Listen to Dr. David Chao, an ex-NFL doctor with the formerly known San Diego Chargers for 17 years, break down game tape from the Week 17 Buccaneers vs. Jets game, and explain why he believes Antonio Brown’s ankle injury was definitely legitimate.
It was already known that Brown had been dealing with ankle issues since Week 6, but the injury came to the forefront again this past week when Brown opened up on Twitter about what led to his now-infamous walk-off at the Meadowlands last Sunday when Brown tore off his jersey and shoulder pads during the third quarter, and shockingly jogged off the field topless and into the locker room.
The instant reaction on social media was comical outrage at Brown’s expense, considering he’s been one of the most eccentrically dramatic players in league history, but the exact motive of Brown’s potentially career-ending decision wasn’t known at first.
Bucs head coach Bruce Arians said that Brown had refused to re-enter the game when asked directly twice, and the coaching staff effectively told him to ‘get out’, triggering Brown to storm off in scandalous fashion.
Considering Brown was closing in on three statistical incentives that would have netted him $1 million if he simply recorded just a few more catches and yards the next two games, it was odd to think Brown would just refuse to come back in.
On Monday, Brown’s representation would then tell NFL Network’s Ian Rapaport that the 4-time All-Pro wide receiver was actually injured, and only refused Arians commands because he wasn’t healthy enough to play. Arians wouldn’t disclose what the sideline dispute included with Brown, but said that Brown never mentioned an injury.
Brown called Arians' comments 'spin' and '100% inaccurate.'
On Tuesday, after Brown was spotted courtside at the Brooklyn Nets game the previous night, Brown released a statement on Twitter regarding the incident. Here was one paragraph detailing the injury:
“Because of my commitment to the game, I relented to pressure directly from my coach to play injured. Despite the pain, I suited up, the staff injected me with what I now know was a powerful and sometimes dangerous painkiller that the NFLPA has warned against using, and I gave it my all for the team. I played until it was clear that I could not use my ankle to safely perform my playing responsibilities. On top of that, the pain was extreme. I took a seat on the sideline and my coach came up to me, very upset, and shouted “What’s wrong with you? What’s wrong with you?” I told him “It’s my ankle.” But he knew that. It was well-documented and we had discussed it. He then ordered me to get on the field. I said, “Coach, I can’t.” He didn’t call for medical attention. Instead, he shouted at me “YOU’RE DONE!” while he ran his finger across his throat. Coach was telling me that if I didn’t play hurt, then I was done with the Bucs. I didn’t quit. I was cut. I didn’t walk away from my brothers. I was thrown out. Being fired on the sideline for having a painful injury was bad enough. Then came their “spin.” Coach denied on national television that he knew about my ankle. That’s 100% inaccurate. Not only did he know I missed several games with the injury, he and I exchanged texts before the game where he clearly acknowledged my injury. He obviously knew I was on the injury list. And the GM acknowledged after the game in text messages to my camp that I did tell coach about my ankle pain on Sunday.”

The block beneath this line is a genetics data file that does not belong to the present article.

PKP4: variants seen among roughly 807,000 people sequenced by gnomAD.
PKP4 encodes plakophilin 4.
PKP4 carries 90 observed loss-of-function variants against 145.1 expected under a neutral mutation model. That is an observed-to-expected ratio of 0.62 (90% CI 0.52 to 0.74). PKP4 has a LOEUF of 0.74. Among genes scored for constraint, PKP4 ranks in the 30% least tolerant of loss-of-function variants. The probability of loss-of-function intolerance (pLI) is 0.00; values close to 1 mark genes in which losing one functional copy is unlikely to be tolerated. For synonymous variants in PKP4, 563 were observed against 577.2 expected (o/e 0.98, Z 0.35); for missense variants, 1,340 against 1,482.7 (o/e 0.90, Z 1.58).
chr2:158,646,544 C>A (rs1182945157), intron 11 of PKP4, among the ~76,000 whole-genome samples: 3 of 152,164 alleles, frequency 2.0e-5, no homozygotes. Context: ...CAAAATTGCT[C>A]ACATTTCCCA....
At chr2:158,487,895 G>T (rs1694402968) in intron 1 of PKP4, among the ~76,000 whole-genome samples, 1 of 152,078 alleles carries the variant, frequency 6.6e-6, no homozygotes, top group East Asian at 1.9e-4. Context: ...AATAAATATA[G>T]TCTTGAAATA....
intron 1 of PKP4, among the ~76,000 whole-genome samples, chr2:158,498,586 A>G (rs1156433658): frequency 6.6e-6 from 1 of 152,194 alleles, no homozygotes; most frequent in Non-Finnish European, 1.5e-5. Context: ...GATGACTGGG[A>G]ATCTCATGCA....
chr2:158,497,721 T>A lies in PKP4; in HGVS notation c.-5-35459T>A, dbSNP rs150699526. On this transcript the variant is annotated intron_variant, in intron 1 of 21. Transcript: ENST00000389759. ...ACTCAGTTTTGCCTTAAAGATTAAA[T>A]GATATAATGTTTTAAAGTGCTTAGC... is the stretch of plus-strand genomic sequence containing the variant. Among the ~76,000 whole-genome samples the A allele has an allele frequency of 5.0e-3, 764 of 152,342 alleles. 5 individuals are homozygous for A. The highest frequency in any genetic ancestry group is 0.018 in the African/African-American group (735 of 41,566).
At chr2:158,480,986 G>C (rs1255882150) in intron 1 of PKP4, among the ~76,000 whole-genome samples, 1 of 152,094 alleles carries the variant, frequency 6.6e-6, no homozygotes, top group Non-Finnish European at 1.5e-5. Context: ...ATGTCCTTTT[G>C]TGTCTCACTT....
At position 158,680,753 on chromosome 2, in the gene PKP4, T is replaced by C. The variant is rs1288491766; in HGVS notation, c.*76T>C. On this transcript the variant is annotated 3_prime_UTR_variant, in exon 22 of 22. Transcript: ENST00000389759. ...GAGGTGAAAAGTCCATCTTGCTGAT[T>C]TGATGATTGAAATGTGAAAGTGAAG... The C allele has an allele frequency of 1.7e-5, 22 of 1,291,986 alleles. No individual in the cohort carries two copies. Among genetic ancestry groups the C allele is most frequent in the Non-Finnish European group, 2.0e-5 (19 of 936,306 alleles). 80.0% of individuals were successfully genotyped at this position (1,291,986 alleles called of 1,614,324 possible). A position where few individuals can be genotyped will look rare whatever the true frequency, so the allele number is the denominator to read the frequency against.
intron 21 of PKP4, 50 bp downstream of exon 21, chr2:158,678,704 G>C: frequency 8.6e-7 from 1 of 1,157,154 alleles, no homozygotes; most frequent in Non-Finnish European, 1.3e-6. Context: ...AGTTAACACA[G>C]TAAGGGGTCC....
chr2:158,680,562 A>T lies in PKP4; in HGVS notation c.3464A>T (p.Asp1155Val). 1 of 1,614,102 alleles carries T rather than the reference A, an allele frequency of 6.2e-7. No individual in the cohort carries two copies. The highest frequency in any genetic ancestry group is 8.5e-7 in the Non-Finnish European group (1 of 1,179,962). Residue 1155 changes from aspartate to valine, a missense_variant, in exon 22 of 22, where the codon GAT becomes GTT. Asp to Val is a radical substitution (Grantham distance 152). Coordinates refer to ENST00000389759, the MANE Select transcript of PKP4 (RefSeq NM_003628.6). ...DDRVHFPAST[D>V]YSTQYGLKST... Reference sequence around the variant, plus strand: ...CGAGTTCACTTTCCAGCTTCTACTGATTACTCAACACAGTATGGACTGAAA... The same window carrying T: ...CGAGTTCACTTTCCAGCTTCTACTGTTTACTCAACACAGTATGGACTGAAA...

Brown went on to say that he could not make ‘football’ plays on his bad ankle and said the media needed to stop bringing up the fact that he jogged off the field relatively fine, saying there’s a big difference from lightly running off the field, to juking NFL defenders and running routes during actual gameplay.
Check out the segment above as Dr. Chao breaks down some plays from the game, and explains why it’s apparent that Brown was physically limited in the plays he was a part of.
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